Using the ICRI within PSU police unified command system allowed them to have both communications across chains of command and with people at the operational level. One of the biggest payoffs for large event management was instantly reducing the cycle and amount of time to make changes in the field. “The operational or incident commander can see something and change it in real-time, not 15 to 30 minutes or when a sergeant or corporal gets to the post to make the change,” said Lutz.

Lutz now uses the ICRI to create different talk groups to match up operational units that are assigned to the same task.

The ICRI interconnects essentially all types of portable and mobile radios, direct-connect and cell phones, and provides a telephone interface and command handset. By connecting a radio used by each agency or department to the ICRI, the communications could be grouped or mixed according to who needed to speak to whom.

In addition to event management, the ICRI fills a key role in homeland security and the university’s disaster and continuity of operations plan, creating interoperability with other mutual aid agencies and jurisdictions.

Sidebar: Assessing Radio Interoperability

“We looked at a lot of different vendors, talked to a lot different agencies and basically the prerequisite checklist came down to three critical issues,” said Pennsylvania State University Police Supervisor Lt. Clifford Lutz. “We’ve seen other agencies who bought very expensive, complex equipment that had lots of great capabilities but they all too often sit in a closet.”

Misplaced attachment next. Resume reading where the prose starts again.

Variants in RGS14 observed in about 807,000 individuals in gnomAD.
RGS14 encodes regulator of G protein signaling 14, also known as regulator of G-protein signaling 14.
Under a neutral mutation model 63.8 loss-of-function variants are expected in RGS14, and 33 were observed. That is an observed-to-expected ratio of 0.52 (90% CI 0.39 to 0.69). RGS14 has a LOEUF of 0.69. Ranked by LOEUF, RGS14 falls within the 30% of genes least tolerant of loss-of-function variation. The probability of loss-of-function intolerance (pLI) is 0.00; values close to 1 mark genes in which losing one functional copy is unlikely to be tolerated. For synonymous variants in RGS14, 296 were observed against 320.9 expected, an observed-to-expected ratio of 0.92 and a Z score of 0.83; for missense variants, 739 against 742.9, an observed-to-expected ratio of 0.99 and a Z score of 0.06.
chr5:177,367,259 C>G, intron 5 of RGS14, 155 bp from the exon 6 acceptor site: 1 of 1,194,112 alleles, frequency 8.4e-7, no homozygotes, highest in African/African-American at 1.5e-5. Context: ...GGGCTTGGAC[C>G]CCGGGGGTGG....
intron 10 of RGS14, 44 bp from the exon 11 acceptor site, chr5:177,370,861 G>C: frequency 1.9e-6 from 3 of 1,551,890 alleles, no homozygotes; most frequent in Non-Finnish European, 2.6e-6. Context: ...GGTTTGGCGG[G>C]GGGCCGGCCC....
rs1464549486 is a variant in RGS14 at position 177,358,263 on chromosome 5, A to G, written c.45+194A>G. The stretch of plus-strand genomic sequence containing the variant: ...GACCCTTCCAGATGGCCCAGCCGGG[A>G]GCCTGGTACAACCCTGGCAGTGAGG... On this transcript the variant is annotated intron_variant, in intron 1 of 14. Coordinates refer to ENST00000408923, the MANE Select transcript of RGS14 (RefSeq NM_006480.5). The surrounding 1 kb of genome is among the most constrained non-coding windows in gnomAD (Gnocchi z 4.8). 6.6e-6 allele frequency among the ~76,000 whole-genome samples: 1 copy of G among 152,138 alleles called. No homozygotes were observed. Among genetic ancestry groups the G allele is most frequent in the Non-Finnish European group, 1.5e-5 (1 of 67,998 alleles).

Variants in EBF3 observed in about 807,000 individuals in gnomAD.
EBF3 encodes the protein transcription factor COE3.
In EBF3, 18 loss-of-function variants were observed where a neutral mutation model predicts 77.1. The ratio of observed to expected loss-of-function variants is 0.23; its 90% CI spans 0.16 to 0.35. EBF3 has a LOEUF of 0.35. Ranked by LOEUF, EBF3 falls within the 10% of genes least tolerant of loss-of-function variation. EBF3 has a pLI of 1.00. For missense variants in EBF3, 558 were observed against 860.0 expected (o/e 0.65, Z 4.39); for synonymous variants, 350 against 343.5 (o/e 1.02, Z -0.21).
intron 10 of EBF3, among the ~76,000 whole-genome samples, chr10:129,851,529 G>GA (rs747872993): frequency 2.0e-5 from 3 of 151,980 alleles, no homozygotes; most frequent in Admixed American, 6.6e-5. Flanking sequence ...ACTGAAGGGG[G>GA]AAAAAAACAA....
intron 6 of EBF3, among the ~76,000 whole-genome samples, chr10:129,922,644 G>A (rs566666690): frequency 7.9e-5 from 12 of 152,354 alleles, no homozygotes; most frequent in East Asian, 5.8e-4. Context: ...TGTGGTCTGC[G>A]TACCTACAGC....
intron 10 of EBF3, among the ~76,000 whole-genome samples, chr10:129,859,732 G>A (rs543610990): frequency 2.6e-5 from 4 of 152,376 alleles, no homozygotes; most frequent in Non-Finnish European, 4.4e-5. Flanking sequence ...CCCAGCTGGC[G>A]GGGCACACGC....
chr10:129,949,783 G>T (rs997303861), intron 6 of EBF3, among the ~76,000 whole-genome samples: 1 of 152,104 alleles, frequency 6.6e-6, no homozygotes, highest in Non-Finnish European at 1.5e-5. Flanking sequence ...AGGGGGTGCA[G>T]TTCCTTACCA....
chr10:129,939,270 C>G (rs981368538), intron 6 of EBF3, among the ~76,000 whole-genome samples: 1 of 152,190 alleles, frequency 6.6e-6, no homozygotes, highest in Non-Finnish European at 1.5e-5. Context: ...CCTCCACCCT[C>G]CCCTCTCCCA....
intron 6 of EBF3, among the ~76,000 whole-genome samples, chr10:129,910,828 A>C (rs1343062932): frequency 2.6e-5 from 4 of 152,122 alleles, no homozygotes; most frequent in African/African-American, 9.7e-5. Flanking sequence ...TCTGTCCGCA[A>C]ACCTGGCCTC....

Among his advice: The equipment should not require special skills or training. He suggests security executives answer a number of crucial questions. How efficient is the equipment? Does it marry any radio operating system to another, whether that’s an 800 MHz trunked sytem, VHF, UHF, direct-connect type cell phone or regular telephone?

And about cost: Does the equipment do what it’s supposed to do? The reality is most departments don’t have $100,000, which is what some equipment costs. The ICRI at PSU was under $ 8,000.

Satellite communication trucks with power generators can bring wireless voice lines and wireless interconnections to an organization or area, which has lost traditional and emergency communications.

Sidebar: Satellite Communication Trucks

Truck in the satellite dish when local communications break down.

For example, Crawford & Company Catastrophe Services of Atlanta successfully tested one of its new satellite communication trucks when it was deployed to Pensacola, Fla., after Hurricane Dennis. The satellite provided a stable source of power and wireless communications to Crawford’s field units and adjusters.

The trucks facilitate voice/data transfer when infrastructure is compromised, which allows adjusters to begin processing claims immediately, no matter where the catastrophe strikes. Via satellite, the trucks provide 10 to 15 wireless voice lines and more than 250 wireless Internet connections. Each truck also powers a generator which to charge laptop computers, mobile phones and other business tools.

Sidebar: Video Goes Beyond Talk

Quick-setup video conferencing systems can play a role in incident reporting, situation briefings and disaster management. As more corporate security departments, law enforcement agencies and government operations bring in video conferencing and IP-based security video, the ability to bring together those separate entities grows easier.

An example: Marconi, with a North American office in Kanata, Ontario, Canada, just introduced its ViPr Virtual Presence System. It can handle five-way video conference.